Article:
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  1. #1
    JuJubes Guest

    Angry Is there no statute of limitations on traffic citations!?

    My husband got a speeding ticket in NC in 1990. We moved to Louisiana from Virginia and when he went to get a LA license, they told him he had to clear up his ticket from NC... from 12 years ago.

    Does the statute of limitations not apply only in cases of murder... and traffic violations?! This ticket isn't on his record - will not go on his record, has never been on his record - all they want (of course!) is money. No debt collector could enforce a debt this old - are we really obligated to pay this??
  2. #2
    plifter Guest
    I'm confused, if the ticket is not on his record then how did another DMV find out about it? If your husband did not pay his ticket or show up on his court date then a judge would have issued a bench warrant for his arrest. This is likely what has happened. I would recommend conttacting the prosecutor's office in NY to clear it up.

    A statute of limitations refers to the amount of time that can elapse before you are charged. Your husband was charged when he received the ticket. If he was just now being charged for speeding in NC 12 years ago then I would say that there would definately be some sort of statute of limitations. (I don't think they would have much of a case if they stopped him in 2002 and said "you were speeding in 1990".)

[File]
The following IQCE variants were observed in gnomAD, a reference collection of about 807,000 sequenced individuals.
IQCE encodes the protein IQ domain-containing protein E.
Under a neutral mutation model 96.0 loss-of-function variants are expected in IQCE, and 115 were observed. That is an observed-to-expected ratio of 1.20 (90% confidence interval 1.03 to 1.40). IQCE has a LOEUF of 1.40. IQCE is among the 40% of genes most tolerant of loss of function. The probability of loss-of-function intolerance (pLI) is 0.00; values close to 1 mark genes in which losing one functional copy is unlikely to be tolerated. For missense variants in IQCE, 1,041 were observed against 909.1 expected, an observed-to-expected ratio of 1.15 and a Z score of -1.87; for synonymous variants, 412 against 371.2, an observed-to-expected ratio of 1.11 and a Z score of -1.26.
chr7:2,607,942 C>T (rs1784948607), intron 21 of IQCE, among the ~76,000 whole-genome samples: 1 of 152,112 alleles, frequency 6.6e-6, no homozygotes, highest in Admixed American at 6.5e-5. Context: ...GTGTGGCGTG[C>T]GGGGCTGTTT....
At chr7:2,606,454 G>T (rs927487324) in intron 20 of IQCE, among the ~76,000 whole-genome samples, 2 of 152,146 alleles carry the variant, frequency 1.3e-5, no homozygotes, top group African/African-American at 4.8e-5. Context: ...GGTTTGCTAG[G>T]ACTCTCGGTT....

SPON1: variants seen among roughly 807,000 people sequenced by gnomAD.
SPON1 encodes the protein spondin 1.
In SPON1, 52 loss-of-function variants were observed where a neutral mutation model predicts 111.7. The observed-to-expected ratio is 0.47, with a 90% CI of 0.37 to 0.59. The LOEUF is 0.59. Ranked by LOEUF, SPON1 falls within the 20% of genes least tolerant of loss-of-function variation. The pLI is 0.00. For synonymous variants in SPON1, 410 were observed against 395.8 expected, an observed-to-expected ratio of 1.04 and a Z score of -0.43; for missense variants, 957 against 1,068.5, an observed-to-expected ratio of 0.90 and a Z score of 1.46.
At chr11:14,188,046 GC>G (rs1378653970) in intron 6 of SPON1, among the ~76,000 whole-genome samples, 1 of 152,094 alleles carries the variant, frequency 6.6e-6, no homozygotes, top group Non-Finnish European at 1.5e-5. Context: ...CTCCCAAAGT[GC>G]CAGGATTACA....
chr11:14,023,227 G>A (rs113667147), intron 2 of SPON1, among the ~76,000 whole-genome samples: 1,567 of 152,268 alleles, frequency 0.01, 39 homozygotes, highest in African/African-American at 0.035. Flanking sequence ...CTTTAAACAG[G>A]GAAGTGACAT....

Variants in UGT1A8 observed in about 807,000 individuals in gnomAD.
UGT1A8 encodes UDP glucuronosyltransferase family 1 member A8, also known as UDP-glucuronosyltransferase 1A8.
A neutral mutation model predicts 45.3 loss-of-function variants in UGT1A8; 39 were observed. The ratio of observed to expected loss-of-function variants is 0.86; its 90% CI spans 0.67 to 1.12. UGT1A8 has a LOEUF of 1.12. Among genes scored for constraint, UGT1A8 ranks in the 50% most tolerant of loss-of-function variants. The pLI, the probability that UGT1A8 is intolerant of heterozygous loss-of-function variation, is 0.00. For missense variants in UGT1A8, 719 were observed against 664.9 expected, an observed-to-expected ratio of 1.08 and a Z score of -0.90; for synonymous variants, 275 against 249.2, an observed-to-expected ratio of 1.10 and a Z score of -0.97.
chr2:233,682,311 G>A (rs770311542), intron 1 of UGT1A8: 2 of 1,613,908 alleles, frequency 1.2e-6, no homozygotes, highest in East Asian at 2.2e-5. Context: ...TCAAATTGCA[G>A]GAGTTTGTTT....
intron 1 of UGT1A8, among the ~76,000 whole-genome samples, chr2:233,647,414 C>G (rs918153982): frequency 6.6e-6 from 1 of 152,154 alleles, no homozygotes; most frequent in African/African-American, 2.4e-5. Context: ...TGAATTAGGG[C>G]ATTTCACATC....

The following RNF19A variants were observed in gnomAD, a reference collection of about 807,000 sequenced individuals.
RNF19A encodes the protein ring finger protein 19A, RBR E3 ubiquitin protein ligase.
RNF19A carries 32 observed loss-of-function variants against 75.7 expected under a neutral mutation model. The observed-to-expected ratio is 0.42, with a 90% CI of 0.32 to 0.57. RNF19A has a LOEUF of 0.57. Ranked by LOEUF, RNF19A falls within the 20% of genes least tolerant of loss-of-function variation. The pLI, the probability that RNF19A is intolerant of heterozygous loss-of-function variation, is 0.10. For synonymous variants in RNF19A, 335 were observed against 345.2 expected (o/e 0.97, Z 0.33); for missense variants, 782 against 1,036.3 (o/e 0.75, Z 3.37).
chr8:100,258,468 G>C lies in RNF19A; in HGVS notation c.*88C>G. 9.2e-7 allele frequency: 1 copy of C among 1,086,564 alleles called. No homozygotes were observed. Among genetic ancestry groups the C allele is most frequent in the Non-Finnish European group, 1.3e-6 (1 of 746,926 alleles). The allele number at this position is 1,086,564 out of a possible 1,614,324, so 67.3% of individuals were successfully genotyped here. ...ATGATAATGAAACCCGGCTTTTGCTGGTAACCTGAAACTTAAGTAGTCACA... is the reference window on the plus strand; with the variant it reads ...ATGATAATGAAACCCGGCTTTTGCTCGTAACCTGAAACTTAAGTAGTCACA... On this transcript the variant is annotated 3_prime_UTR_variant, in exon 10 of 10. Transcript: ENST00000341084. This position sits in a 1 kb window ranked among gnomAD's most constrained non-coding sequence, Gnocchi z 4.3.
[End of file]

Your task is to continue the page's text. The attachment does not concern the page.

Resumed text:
3. #3
    racer72 is offline Senior Member
    Join Date
    Jan 2001
    Posts
    14,085
    The warrant will have to be dismissed or quashed before your hubby can get his Texas license. This means either your hubby or a lawyer in NC will have to go to court. If there is a SOL on the citation, whoever goes to court will have to ask the judge to quash the warrant. What will most likely happen is that the fine (and possibly some interest) will have to be paid, the ticket goes on the driving record. The warrant is dismissed and your hubby can get his Texas license. You need to contact an attorney in NC to find out what your options are.

    You are comparing apples to oranges in your analogy of an unpaid traffic ticket and murder. The statute of limitations as it applies to law is the time from being charged till your are arrested. In the case of a traffic ticket, you are charged and held (considered the arrest) at the time of the traffic stop. You are then told of your options to bring the situation to a satisfactory end and are then released on your own recognizence. If you are charged with a more serious crime and are arrested for it years later, then the SOL for certain crimes apply.
    Last edited by racer72; 05-13-2002 at 08:24 PM.

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